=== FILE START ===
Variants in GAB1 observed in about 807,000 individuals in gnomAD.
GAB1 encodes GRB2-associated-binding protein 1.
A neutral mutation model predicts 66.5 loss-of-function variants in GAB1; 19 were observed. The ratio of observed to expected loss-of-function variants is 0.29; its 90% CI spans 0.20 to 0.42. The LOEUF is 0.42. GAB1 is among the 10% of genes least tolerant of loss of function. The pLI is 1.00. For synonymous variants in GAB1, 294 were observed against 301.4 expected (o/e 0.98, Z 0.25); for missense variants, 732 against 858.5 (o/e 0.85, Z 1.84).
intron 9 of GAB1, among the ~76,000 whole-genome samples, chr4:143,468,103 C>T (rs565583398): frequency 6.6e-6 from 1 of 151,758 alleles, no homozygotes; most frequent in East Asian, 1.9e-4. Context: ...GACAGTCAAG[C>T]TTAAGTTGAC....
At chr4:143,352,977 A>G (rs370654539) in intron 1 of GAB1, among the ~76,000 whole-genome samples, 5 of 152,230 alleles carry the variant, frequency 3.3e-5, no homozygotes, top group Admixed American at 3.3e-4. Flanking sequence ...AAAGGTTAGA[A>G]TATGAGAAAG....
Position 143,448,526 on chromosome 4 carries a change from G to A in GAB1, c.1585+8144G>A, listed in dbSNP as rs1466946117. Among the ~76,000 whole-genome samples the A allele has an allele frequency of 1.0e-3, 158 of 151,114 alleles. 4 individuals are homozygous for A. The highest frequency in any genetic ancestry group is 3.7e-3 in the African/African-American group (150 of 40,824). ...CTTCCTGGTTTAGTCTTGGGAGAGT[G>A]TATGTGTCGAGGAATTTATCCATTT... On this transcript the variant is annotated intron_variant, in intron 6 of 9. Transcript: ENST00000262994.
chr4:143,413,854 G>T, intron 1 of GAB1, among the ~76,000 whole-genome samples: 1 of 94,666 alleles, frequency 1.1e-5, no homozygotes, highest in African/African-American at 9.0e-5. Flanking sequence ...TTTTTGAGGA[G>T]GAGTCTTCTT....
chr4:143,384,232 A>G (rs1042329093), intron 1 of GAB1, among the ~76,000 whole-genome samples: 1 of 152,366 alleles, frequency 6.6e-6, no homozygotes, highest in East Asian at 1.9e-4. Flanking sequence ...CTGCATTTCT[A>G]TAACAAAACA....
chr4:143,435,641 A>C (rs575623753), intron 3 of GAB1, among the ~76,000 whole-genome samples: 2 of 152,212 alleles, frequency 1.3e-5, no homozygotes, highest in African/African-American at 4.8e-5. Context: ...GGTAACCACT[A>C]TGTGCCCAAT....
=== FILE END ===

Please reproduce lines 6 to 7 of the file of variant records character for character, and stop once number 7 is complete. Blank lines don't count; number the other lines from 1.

Position 143,448,526 on chromosome 4 carries a change from G to A in GAB1, c.1585+8144G>A, listed in dbSNP as rs1466946117. Among the ~76,000 whole-genome samples the A allele has an allele frequency of 1.0e-3, 158 of 151,114 alleles. 4 individuals are homozygous for A. The highest frequency in any genetic ancestry group is 3.7e-3 in the African/African-American group (150 of 40,824). ...CTTCCTGGTTTAGTCTTGGGAGAGT[G>A]TATGTGTCGAGGAATTTATCCATTT... On this transcript the variant is annotated intron_variant, in intron 6 of 9. Transcript: ENST00000262994.
chr4:143,413,854 G>T, intron 1 of GAB1, among the ~76,000 whole-genome samples: 1 of 94,666 alleles, frequency 1.1e-5, no homozygotes, highest in African/African-American at 9.0e-5. Flanking sequence ...TTTTTGAGGA[G>T]GAGTCTTCTT....